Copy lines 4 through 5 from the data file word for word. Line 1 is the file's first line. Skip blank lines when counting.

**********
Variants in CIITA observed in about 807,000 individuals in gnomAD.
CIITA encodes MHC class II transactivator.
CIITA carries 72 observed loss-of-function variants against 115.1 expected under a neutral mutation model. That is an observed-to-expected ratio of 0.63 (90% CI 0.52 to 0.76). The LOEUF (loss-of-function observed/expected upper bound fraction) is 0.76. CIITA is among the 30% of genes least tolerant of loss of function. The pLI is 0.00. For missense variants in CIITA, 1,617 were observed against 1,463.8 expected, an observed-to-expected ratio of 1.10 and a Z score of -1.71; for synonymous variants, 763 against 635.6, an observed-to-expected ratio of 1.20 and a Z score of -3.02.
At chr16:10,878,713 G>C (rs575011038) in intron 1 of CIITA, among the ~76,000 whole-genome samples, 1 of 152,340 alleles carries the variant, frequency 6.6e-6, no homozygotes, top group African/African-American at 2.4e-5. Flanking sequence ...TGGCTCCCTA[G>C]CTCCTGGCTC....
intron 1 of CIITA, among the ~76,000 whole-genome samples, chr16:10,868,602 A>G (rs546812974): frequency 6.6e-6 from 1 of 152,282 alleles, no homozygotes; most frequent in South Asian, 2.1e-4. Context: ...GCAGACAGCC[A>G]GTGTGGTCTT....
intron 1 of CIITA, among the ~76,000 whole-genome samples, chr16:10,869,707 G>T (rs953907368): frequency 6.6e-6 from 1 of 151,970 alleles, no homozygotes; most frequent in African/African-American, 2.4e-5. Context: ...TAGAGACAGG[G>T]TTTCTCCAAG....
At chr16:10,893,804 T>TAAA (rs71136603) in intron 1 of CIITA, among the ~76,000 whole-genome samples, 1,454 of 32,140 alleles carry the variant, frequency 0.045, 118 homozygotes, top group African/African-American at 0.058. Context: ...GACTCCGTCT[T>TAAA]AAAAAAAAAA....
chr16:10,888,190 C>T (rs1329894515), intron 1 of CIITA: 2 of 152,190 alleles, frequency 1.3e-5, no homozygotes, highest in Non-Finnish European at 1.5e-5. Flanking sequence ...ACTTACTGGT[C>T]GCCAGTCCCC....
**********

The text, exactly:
At chr16:10,878,713 G>C (rs575011038) in intron 1 of CIITA, among the ~76,000 whole-genome samples, 1 of 152,340 alleles carries the variant, frequency 6.6e-6, no homozygotes, top group African/African-American at 2.4e-5. Flanking sequence ...TGGCTCCCTA[G>C]CTCCTGGCTC....
intron 1 of CIITA, among the ~76,000 whole-genome samples, chr16:10,868,602 A>G (rs546812974): frequency 6.6e-6 from 1 of 152,282 alleles, no homozygotes; most frequent in South Asian, 2.1e-4. Context: ...GCAGACAGCC[A>G]GTGTGGTCTT....